This is Galveston County's courthouse, not a tropical resort.
This is Galveston County's courthouse, not a tropical resort.

In Galveston County, Even Personal Bonds Keep Defendants in Jail

For poor people who've committed petty crimes, such as possession of a couple of ounces of pot or driving with an invalid license, a personal bond makes sense. Perhaps the judge finds a defendant is not a public-safety threat. Maybe the judge finds he or she isn't a flight risk, either. And as judges likely know, keeping a person in jail because of inability to pay a bond would only derail a defendant's life further.

But in hundreds of cases in Galveston County, personal bonds appear to be rescinded almost as quickly as they are given. And that's because, somewhat ironically, people can't afford to pay the small fee associated with them.

According to October statistics from Galveston County's Collections and Personal Bond Department, 324 people charged with misdemeanors who were eligible for a personal bond weren't given one because they couldn't pay the personal bond fee. That's two-thirds of the people charged with misdemeanors in October, and 40 percent of all people arrested in Galveston County that month.

"It doesn't make very much sense to be housing people in jail just because they don't have access to funds to pay for a personal bond," said Galveston County Commissioner Ryan Dennard, adding that this pattern persists in all of the county's monthly personal-bond reports. "The very purpose of a personal bond is to be able to facilitate release of people who are not a risk to the community, who are low-level offenders and who don't have the resources to get out on traditional bail."

The personal bond fee is 3 percent of someone's bond or $20, whichever is greater. While Bonnie Quiroge, director of justice administration, tells us that the courts "have no choice" but to impose this fee because it is statutorily required, the Texas Criminal Code statute says judges have the authority to lower the fee or waive it altogether. (Quiroge said judges do in fact do this sometimes; it looks like 16 percent of defendants charged with misdemeanors were given a personal bond and could afford the fee.) At least in neighboring Harris County, Director of Pretrial Services Kelvin Banks says that defendants aren't required to post the fees up front. That way, they don't have to stay in jail because they can't pay — which would defeat the purpose of a personal bond.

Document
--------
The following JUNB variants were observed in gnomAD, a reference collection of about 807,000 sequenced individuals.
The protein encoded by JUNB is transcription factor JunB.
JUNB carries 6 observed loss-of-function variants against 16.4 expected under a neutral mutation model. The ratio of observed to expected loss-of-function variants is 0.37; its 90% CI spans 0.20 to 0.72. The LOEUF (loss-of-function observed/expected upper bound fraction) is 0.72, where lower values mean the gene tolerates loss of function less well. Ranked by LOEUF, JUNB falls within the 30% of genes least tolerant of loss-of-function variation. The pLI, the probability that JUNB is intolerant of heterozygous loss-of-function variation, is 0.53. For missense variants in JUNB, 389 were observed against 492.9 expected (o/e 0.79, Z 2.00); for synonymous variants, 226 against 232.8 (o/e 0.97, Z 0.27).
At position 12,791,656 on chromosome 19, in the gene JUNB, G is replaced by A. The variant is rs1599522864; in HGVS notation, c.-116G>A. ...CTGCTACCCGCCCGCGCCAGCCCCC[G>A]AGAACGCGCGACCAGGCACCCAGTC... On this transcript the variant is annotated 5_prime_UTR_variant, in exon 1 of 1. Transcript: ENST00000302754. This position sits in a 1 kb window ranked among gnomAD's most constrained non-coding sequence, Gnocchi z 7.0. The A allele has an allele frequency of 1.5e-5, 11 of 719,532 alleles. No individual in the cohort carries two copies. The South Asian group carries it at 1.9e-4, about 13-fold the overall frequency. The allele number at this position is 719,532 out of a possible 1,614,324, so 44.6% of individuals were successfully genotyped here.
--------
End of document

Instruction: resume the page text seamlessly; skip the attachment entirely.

With hundreds of defendants apparently not afforded the same luxury in Galveston County, Dennard said the extra inmates are ballooning the county jail population, which has grown 18 percent since January 2013, according to county data. At the commissioners' court meeting Tuesday, commissioners are expected to discuss contracts the Galveston County Sheriff's Office has drawn up with Jefferson and Limestone counties to ship excess prisoners to those jails, since Galveston County Sheriff Henry Trochesset is running out of room. (Limestone County's jail is operated by a private-prison company, LaSalle Southwest Corrections.)

Dennard says shipping off inmates to make room for more is simply not a solution, since the more efficient solution would be to stop jailing defendants who are unable to pay a fee.

"We clearly have people in the Galveston County Jail who should not be there," Dennard said. "We're currently going through some heightened incarceration rates that are not based upon anything other than internal management, in terms of how folks in the justice system are administering the bail process. It doesn't make sense to take a situation where there's clearly a problem, where the majority of our misdemeanor defendants are being denied a personal bond based on inability to pay, then compound that problem by increasing the number of people being jailed."

The ACLU of Texas, which recently released a report decrying municipal courts' pattern of jailing people for inability to pay traffic fines, suggested that the legality of Galveston County's personal bond practices may be questionable.

Staff Attorney Trisha Trigilio said in a statement: "The only legal justification to hold someone in jail before trial — someone who is presumed to be innocent — is because of evidence that the person is likely to flee or pose some danger to the community. Failure to pay a fee is not evidence that supports jailing an innocent person. It’s evidence of low income."

Dennard proposed that county criminal-justice officials draft a policy allowing judges to release defendants who cannot pay the fee up front on the personal bond, then require them to return with the money once they have it. We will update this story if any of his proposed reforms are up for discussion at Tuesday's commissioners' court meeting.

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